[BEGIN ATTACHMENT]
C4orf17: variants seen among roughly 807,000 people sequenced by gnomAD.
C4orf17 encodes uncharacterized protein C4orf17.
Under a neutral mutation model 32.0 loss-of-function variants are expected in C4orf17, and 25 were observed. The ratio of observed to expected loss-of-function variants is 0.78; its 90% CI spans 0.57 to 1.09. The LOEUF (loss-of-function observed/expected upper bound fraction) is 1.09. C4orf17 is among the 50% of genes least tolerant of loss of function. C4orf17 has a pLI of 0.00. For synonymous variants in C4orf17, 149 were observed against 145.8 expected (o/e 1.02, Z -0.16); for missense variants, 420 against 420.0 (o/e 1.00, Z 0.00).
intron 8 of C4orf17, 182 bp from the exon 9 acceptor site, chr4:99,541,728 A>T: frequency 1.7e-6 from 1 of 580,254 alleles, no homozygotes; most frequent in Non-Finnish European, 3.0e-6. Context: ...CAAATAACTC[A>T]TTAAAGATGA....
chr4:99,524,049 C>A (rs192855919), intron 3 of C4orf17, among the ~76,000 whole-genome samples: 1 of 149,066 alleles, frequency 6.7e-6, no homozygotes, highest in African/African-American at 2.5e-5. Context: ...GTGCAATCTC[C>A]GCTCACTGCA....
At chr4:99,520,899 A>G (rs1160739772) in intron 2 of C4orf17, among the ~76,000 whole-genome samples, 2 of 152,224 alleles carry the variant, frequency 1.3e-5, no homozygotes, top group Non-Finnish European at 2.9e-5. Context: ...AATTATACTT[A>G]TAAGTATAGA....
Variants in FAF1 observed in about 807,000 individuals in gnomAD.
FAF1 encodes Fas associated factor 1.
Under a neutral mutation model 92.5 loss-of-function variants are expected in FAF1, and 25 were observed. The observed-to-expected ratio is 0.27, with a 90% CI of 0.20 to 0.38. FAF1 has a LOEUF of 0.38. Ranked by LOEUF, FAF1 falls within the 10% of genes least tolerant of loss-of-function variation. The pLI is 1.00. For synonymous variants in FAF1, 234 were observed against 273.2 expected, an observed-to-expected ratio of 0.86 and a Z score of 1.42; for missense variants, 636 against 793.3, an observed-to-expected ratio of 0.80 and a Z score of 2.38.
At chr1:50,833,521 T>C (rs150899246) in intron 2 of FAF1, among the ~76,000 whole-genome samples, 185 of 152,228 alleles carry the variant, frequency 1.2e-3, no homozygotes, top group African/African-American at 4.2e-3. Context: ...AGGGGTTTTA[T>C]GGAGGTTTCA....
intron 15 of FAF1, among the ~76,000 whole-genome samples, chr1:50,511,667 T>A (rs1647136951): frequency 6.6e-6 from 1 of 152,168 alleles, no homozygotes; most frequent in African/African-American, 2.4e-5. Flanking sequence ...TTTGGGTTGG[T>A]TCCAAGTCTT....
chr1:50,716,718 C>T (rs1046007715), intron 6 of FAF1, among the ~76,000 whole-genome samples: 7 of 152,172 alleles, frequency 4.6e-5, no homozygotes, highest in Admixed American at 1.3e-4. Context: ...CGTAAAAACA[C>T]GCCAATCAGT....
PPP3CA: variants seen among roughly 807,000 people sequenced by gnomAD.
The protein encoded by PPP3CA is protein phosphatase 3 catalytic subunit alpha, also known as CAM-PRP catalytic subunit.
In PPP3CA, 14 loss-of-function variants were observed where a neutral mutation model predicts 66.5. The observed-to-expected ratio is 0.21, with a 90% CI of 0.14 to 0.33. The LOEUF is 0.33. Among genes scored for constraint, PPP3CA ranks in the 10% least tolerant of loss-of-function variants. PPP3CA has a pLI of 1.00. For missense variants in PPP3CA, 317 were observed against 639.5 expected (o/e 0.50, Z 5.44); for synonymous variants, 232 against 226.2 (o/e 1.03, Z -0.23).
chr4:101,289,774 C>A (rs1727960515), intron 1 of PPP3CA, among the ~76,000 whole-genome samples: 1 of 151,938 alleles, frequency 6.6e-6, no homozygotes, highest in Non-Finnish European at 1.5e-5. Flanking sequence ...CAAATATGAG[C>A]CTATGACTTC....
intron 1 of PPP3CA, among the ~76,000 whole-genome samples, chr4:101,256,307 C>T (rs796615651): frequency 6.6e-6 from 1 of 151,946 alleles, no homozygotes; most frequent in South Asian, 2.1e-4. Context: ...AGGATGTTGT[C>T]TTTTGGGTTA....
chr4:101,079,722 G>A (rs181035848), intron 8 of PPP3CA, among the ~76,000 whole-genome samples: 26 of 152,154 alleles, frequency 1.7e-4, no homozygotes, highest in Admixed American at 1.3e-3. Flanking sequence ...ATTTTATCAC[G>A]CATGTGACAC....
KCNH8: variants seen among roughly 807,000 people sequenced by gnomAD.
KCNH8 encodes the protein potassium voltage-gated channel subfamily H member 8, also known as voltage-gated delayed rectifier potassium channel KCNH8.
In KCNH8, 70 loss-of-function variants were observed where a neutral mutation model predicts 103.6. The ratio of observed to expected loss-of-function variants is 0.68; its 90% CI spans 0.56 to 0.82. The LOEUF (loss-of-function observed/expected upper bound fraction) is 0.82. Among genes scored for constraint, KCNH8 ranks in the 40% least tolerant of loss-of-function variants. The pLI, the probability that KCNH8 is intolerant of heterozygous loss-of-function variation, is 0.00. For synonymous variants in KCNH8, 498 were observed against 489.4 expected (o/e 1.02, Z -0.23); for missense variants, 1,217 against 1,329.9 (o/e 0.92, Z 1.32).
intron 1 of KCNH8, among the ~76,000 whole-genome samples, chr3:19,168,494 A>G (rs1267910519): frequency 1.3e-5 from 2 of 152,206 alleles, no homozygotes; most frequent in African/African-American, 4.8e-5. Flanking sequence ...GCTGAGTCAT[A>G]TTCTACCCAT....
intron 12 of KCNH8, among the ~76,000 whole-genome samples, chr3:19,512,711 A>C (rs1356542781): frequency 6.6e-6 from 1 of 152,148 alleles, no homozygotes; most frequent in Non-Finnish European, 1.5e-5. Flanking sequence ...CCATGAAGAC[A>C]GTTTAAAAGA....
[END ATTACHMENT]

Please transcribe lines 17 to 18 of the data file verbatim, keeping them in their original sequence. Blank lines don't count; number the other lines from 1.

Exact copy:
intron 1 of PPP3CA, among the ~76,000 whole-genome samples, chr4:101,256,307 C>T (rs796615651): frequency 6.6e-6 from 1 of 151,946 alleles, no homozygotes; most frequent in South Asian, 2.1e-4. Context: ...AGGATGTTGT[C>T]TTTTGGGTTA....
chr4:101,079,722 G>A (rs181035848), intron 8 of PPP3CA, among the ~76,000 whole-genome samples: 26 of 152,154 alleles, frequency 1.7e-4, no homozygotes, highest in Admixed American at 1.3e-3. Flanking sequence ...ATTTTATCAC[G>A]CATGTGACAC....